• Seat Pumping: Traveling moms say there is so much white noise on the plane you can barely hear the pump. While it’s your right to pump whenever you want to, some moms like to let the person next to them know they intend to pump at some point during the flight.

          • Restroom Pumping: If you’d prefer to pump in the airplane restroom, the line tends to be the shortest during beverage/meal service or a movie. Worrying about being disturbed may impact letdown, so it’s not a bad idea to give the flight attendant a heads up to ensure greater privacy. Avoid using the water in the airplane restroom for cleaning your pump. Sanitization wipes are safer.

          • Airport Pumping: You can avoid pumping on some flights if you pump in the car before entering the airport, in the airport bathroom or nursing room just before boarding, and in a quiet section of baggage claim after landing. If the airport doesn’t have a specific area for nursing or pumping, you can often get some alone time at an empty gate. Just remember to wear a hands-free pumping bra or pumping tank to make it easier.

          • Storing: If you’re pumping on a longer flight, you can ask the flight attendant for a cup of ice to put your milk storage bag into. Some parents have asked to use a refrigerator on board the plane for their milk, but don’t count on that.

            Consider bringing a cooler if you’ll be spending extended time in airports catching connecting flights. Keeping your pumped milk frozen in a cooler that you carry on is a great way to bring breast milk back home.

          Packing and Storing Breast Milk While Traveling

          storing breast milk while traveling

          • Containers: Expressed milk should be stored in clean, tightly sealed, see-through containers, like bottles, glass containers, and milk storage bags (like our new Breast Milk Storage Bags). Since transferring milk from pumping bottles to bags or other containers may be tricky while traveling, you might want to bring extra milk bottles.

          • Storing: Expressed milk can be safely stored at room temperature for several hours before refrigeration. Breast milk can remain fresh with ice packs in a cooler bag for up to 24 hours as well. For tips on using dry ice in a cooler, check out this blog.

            If you’re staying at a hotel, book a room with a mini-fridge/freezer. Not all mini-fridges are the right temperature, though, so make sure the one you have is cold enough to safely store your milk. For more information on breast milk storage, read our blog.

          • Cleaning: If your hotel room happens to have a microwave, disinfecting bags work well for cleaning pump parts and bottles. If not, you can scrub the pump parts as you normally would; make sure to pack a travel-size container of dish soap and a brush.

            Another helpful tip, especially when you don’t have a full-size sink, is to throw all the pumping parts into a Ziploc bag and store it in the fridge or your cooler after each pumping session. This prevents bacterial growth without having to wash your parts after every session. Wash and sanitize the parts once at the end of the day.

            (Note: According to the CDC, if your baby was premature, is less than three months old, or has a weakened immune system, it's important to wash and sterilize your bottles and breast pump parts daily to keep germs and bacteria at bay. Daily sterilizing may not be necessary with a healthy, older infant, but you might want to sterilize weekly.)

          • Shipping: Rather than carrying and storing breast milk with you at all times, you may find it more convenient (albeit much more expensive) to ship breast milk home to your baby. You can ship pumped breast milk overnight in a cooler with ice packs or dry ice via UPS or FedEx. Check out this video tutorial or these detailed instructions for packing breast milk for shipping.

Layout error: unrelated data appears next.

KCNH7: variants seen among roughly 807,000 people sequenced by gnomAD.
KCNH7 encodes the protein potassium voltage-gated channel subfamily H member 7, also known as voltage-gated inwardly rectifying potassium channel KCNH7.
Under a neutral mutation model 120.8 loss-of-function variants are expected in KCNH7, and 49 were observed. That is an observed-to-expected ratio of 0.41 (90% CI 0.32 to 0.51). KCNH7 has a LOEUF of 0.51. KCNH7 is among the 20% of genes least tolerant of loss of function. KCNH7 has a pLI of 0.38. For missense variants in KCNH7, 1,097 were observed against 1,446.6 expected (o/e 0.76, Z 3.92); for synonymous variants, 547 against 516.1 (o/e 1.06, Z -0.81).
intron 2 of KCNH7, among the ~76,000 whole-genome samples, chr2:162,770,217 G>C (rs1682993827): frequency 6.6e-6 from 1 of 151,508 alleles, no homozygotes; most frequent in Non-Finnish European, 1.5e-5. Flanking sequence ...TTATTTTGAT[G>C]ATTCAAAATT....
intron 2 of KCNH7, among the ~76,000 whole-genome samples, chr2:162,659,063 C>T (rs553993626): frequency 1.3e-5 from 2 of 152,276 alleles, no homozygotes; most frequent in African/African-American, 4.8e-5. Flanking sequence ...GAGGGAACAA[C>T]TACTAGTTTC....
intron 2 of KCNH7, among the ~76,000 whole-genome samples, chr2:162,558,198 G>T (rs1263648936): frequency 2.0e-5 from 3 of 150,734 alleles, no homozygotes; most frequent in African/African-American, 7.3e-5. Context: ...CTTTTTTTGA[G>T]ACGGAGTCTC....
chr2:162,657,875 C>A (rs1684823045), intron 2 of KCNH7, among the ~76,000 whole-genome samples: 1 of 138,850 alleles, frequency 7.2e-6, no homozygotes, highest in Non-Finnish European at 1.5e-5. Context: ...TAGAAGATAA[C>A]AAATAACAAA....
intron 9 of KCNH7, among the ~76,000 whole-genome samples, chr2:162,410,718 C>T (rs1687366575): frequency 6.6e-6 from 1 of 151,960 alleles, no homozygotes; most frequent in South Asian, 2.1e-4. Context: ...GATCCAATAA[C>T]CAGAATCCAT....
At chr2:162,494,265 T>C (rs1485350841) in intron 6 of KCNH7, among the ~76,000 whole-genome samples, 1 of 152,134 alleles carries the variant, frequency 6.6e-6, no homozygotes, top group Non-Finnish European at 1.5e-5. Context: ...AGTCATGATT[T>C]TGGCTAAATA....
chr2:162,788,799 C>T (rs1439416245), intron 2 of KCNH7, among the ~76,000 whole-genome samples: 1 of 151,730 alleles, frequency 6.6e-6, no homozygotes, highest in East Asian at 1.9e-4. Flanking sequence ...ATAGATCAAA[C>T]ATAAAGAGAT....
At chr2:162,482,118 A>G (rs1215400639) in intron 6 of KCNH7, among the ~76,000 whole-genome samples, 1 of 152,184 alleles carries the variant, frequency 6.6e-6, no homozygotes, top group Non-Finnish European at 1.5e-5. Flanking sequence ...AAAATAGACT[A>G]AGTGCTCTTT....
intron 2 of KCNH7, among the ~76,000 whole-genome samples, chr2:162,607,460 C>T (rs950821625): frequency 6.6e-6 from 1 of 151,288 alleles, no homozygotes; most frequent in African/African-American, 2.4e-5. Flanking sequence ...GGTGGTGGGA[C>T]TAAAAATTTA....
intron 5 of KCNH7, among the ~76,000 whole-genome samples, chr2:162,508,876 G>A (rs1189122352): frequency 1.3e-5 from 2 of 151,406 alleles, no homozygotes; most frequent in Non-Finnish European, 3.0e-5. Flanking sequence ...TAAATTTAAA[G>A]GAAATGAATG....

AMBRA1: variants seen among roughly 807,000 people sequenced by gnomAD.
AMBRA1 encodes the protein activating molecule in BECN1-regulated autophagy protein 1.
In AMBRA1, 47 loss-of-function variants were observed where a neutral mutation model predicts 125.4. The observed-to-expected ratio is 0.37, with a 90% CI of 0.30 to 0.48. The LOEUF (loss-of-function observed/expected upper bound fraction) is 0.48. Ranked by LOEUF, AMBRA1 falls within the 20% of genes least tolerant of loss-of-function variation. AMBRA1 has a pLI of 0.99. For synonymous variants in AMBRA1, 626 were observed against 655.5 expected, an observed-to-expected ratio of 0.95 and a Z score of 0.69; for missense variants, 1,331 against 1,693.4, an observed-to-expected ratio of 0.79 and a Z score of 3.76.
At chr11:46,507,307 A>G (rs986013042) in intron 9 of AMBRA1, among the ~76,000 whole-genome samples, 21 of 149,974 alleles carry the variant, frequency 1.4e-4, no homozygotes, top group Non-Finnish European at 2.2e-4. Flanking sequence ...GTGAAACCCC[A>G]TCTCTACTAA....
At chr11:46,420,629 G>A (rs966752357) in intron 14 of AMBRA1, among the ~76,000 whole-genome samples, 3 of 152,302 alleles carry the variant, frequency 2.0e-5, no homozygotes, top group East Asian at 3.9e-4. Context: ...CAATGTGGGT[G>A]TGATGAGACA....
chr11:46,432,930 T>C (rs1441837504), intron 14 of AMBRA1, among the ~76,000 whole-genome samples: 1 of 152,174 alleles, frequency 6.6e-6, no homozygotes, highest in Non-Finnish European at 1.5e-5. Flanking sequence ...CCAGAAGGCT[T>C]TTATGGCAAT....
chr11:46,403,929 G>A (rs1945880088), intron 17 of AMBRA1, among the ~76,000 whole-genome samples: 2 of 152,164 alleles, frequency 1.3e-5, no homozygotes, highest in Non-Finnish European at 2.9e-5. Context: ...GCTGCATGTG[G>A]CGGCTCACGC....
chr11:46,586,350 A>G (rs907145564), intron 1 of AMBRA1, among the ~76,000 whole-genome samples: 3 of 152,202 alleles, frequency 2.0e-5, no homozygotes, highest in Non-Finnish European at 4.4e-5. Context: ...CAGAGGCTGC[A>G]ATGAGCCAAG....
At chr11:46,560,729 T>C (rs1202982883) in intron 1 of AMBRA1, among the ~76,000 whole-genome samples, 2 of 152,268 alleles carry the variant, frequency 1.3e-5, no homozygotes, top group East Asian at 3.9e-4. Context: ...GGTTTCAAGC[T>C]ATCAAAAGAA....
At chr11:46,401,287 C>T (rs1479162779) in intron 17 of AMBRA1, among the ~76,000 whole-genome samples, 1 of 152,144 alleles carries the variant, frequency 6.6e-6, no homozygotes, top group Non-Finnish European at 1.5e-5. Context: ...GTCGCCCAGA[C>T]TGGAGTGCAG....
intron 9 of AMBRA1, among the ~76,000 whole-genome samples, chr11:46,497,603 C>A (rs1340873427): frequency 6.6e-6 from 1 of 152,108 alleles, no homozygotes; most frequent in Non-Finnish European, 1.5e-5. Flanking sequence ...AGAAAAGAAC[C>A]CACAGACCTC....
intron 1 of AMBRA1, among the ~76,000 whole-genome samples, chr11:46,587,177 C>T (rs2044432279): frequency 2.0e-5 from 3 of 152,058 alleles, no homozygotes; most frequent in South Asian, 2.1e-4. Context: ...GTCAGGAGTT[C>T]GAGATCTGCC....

We recommend using companies that specialize in breast milk transport, such as Milk Stork. If it’s within your budget, you may value the peace of mind you get from knowing experienced professionals are shipping your milk.

          Maintaining Milk Supply and Preventing Engorgement While Traveling Without Your Baby

          Pumping while away from baby

          • Supply: If you’re not traveling with your baby, pumping or hand-expressing your milk will help protect and maintain your breast milk supply. While tossing your liquid gold can feel wrong, if your baby has enough milk at home and handling the storage of your pumped milk feels too demanding, you might consider “pumping and dumping.”

          • Lodging: Look for hotels that offer amenities such as a mini-fridge/freezer and microwave. You can keep your ice packs solid, any pumped milk cold, and pump parts sterilized in a microwave disinfecting bag.

          • Frequency: According to International Board Certified Lactation Consultant (IBCLCShantel Harlin, “To maintain and protect your milk supply while separated from your baby, pump every two-to-three hours during the day with a four-to-five hour stretch at night.” If your baby is older than six months and your supply is well established, pumping on their regular feeding schedule should not harm your supply.

            If you feel your supply is decreasing, add in an extra pump or two. A week-long separation or less where a mother pumps at the recommended intervals poses no major threat to the mother and child’s breastfeeding relationship.

          • Engorgement: Pumping is generally less efficient at removing milk from the breast than nursing. Frequent pumping is one of the best ways to avoid engorgement. Hands-on pumping can also help increase milk output and pumping efficiency.

            If your hotel has a microwave, a heated neck wrap may improve letdown and get your milk flowing. Massage any lumps that form to release a mild plugged duct. It may take several pumps to get rid of a clogged milk duct.

          bringing baby on plane during Covid

          Traveling while breastfeeding poses unique challenges, but it’s nothing you can’t handle with a bit of preparation. If you’re bringing your baby with you, know that despite some complexities, trips with your little one can make lasting memories you’ll cherish for years to come.

          For more tips, including tips on airports and hotels, reach out to mom friends or ask the wonderful moms who follow our Facebook page or are in our Facebook group, KindredMamas. Also, be sure to check out KB Moms Travel Tips.